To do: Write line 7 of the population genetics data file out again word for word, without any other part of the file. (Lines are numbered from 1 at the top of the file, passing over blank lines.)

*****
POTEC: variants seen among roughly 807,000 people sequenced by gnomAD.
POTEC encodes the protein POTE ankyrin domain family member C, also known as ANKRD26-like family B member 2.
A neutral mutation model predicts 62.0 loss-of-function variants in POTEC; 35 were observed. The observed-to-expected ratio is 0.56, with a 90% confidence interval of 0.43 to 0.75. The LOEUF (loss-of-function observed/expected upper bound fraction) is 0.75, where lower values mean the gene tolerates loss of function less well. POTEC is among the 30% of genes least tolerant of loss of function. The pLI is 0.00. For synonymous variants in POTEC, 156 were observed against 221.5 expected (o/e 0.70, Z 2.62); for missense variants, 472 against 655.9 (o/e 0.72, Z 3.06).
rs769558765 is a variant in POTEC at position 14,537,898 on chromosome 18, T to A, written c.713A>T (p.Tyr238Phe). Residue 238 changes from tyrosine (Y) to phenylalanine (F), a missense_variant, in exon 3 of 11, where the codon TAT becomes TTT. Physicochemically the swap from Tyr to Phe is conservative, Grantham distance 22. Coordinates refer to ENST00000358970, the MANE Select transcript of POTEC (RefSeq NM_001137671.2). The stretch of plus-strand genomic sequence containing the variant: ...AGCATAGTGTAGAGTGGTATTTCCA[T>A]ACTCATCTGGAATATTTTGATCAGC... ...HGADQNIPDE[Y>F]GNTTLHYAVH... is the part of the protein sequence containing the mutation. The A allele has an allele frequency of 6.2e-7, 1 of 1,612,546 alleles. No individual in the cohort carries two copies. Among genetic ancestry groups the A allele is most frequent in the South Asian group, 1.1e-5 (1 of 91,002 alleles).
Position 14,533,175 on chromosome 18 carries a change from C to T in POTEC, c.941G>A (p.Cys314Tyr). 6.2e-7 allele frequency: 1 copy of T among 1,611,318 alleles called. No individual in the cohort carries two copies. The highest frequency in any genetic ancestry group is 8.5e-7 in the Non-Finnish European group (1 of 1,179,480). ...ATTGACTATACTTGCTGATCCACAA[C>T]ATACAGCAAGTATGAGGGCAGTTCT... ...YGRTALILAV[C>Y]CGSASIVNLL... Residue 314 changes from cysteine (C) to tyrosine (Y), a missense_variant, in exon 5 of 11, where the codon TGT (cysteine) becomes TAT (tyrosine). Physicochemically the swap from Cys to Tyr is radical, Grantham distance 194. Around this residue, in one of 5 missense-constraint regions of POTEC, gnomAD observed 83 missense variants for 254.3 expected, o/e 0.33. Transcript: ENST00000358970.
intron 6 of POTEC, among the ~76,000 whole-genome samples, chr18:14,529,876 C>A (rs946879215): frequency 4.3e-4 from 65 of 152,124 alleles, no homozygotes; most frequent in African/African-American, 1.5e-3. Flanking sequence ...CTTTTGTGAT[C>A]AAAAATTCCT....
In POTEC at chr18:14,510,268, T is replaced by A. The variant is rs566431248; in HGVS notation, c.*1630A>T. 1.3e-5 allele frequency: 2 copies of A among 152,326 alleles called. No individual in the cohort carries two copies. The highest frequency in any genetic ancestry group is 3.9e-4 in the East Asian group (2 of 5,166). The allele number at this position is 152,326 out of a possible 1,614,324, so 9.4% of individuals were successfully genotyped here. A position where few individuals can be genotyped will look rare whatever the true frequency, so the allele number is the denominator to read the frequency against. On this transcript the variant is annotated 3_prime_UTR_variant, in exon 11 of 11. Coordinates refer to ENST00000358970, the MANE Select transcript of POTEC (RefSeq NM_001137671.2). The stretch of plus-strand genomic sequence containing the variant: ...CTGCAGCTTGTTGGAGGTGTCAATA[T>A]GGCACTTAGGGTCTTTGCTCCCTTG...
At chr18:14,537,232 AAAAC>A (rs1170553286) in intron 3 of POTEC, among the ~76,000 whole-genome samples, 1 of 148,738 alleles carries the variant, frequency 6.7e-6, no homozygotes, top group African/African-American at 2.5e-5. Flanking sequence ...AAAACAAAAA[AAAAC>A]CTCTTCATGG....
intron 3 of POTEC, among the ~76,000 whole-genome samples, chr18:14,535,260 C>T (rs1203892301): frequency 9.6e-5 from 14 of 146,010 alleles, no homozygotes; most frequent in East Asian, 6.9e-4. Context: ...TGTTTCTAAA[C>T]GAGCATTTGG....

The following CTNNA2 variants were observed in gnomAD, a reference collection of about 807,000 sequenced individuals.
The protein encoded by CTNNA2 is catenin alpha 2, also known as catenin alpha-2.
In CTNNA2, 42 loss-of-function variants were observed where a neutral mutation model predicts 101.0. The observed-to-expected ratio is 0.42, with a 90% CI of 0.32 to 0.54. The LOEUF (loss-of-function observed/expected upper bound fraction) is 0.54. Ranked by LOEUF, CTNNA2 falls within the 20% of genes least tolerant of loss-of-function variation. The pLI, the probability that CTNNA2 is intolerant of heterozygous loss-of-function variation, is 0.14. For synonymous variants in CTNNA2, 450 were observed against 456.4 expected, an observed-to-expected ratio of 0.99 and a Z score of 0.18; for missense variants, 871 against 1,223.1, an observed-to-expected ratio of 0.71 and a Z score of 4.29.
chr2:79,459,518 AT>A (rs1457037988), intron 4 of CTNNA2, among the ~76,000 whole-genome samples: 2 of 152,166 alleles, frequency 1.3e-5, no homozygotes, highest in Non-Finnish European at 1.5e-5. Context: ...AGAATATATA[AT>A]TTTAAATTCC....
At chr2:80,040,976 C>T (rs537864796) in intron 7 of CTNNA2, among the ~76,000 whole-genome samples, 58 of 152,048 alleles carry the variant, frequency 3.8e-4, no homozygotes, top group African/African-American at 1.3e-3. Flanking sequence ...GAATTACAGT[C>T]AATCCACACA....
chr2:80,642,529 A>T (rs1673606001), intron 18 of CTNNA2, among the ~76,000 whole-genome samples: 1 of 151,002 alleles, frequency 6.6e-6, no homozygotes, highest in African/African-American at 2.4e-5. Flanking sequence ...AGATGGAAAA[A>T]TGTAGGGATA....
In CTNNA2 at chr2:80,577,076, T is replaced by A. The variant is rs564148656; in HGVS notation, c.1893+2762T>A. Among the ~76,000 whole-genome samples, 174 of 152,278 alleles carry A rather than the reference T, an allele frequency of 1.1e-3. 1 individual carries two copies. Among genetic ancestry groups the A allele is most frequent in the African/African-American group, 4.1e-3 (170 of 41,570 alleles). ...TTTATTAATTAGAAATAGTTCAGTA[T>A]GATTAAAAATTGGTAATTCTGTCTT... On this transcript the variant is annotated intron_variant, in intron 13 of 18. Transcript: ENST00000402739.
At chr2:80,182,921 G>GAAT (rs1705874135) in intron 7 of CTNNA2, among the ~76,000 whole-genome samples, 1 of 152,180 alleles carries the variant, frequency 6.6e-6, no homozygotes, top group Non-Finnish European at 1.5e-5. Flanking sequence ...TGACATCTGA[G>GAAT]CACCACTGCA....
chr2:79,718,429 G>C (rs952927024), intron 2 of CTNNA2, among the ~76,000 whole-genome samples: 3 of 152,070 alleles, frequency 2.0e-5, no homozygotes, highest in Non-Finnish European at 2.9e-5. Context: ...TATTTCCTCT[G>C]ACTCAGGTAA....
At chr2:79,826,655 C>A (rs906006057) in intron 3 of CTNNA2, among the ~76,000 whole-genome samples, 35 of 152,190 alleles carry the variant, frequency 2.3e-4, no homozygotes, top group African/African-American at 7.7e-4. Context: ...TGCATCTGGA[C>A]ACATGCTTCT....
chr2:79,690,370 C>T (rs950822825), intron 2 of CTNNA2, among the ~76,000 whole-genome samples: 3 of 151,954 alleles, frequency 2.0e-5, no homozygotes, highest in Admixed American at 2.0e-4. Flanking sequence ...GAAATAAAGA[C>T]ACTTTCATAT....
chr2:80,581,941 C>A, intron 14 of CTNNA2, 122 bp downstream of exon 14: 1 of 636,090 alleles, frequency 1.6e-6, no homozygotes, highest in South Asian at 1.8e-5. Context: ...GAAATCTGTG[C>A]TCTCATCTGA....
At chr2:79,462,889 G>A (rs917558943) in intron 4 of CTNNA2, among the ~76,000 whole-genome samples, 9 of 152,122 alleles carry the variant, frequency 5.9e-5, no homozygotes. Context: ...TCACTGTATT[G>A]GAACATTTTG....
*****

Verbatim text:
In POTEC at chr18:14,510,268, T is replaced by A. The variant is rs566431248; in HGVS notation, c.*1630A>T. 1.3e-5 allele frequency: 2 copies of A among 152,326 alleles called. No individual in the cohort carries two copies. The highest frequency in any genetic ancestry group is 3.9e-4 in the East Asian group (2 of 5,166). The allele number at this position is 152,326 out of a possible 1,614,324, so 9.4% of individuals were successfully genotyped here. A position where few individuals can be genotyped will look rare whatever the true frequency, so the allele number is the denominator to read the frequency against. On this transcript the variant is annotated 3_prime_UTR_variant, in exon 11 of 11. Coordinates refer to ENST00000358970, the MANE Select transcript of POTEC (RefSeq NM_001137671.2). The stretch of plus-strand genomic sequence containing the variant: ...CTGCAGCTTGTTGGAGGTGTCAATA[T>A]GGCACTTAGGGTCTTTGCTCCCTTG...